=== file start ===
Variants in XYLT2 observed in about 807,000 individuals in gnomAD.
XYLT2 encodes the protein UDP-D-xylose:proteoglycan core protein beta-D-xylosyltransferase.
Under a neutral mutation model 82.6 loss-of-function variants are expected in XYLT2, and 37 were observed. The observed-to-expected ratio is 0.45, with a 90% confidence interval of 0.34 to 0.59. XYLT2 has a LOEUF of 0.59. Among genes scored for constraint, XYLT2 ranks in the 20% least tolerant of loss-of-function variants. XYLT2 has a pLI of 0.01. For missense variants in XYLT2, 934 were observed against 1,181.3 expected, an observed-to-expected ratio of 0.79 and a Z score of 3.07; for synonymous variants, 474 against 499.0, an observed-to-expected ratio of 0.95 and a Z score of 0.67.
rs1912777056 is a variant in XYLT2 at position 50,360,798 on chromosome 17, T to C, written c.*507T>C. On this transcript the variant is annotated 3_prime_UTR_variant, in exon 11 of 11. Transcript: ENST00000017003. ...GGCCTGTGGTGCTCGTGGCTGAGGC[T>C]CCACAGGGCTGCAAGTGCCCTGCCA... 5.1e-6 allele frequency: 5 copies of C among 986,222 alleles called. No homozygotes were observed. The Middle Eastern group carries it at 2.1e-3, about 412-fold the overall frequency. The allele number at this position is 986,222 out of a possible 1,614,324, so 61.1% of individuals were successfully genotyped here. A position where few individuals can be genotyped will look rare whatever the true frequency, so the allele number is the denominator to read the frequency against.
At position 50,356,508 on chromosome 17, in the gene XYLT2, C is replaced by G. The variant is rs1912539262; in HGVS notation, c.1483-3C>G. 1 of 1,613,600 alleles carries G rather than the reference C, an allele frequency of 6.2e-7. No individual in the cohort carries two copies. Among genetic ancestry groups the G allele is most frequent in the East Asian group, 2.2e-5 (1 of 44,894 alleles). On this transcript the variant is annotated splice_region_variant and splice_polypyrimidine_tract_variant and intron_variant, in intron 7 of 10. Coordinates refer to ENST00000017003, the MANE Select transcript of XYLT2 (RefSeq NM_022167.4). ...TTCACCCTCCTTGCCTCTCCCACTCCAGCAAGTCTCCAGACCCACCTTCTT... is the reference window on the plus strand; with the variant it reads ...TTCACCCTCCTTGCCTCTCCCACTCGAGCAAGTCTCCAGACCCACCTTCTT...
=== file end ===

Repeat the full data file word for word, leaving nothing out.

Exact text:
Variants in XYLT2 observed in about 807,000 individuals in gnomAD.
XYLT2 encodes the protein UDP-D-xylose:proteoglycan core protein beta-D-xylosyltransferase.
Under a neutral mutation model 82.6 loss-of-function variants are expected in XYLT2, and 37 were observed. The observed-to-expected ratio is 0.45, with a 90% confidence interval of 0.34 to 0.59. XYLT2 has a LOEUF of 0.59. Among genes scored for constraint, XYLT2 ranks in the 20% least tolerant of loss-of-function variants. XYLT2 has a pLI of 0.01. For missense variants in XYLT2, 934 were observed against 1,181.3 expected, an observed-to-expected ratio of 0.79 and a Z score of 3.07; for synonymous variants, 474 against 499.0, an observed-to-expected ratio of 0.95 and a Z score of 0.67.
rs1912777056 is a variant in XYLT2 at position 50,360,798 on chromosome 17, T to C, written c.*507T>C. On this transcript the variant is annotated 3_prime_UTR_variant, in exon 11 of 11. Transcript: ENST00000017003. ...GGCCTGTGGTGCTCGTGGCTGAGGC[T>C]CCACAGGGCTGCAAGTGCCCTGCCA... 5.1e-6 allele frequency: 5 copies of C among 986,222 alleles called. No homozygotes were observed. The Middle Eastern group carries it at 2.1e-3, about 412-fold the overall frequency. The allele number at this position is 986,222 out of a possible 1,614,324, so 61.1% of individuals were successfully genotyped here. A position where few individuals can be genotyped will look rare whatever the true frequency, so the allele number is the denominator to read the frequency against.
At position 50,356,508 on chromosome 17, in the gene XYLT2, C is replaced by G. The variant is rs1912539262; in HGVS notation, c.1483-3C>G. 1 of 1,613,600 alleles carries G rather than the reference C, an allele frequency of 6.2e-7. No individual in the cohort carries two copies. Among genetic ancestry groups the G allele is most frequent in the East Asian group, 2.2e-5 (1 of 44,894 alleles). On this transcript the variant is annotated splice_region_variant and splice_polypyrimidine_tract_variant and intron_variant, in intron 7 of 10. Coordinates refer to ENST00000017003, the MANE Select transcript of XYLT2 (RefSeq NM_022167.4). ...TTCACCCTCCTTGCCTCTCCCACTCCAGCAAGTCTCCAGACCCACCTTCTT... is the reference window on the plus strand; with the variant it reads ...TTCACCCTCCTTGCCTCTCCCACTCGAGCAAGTCTCCAGACCCACCTTCTT...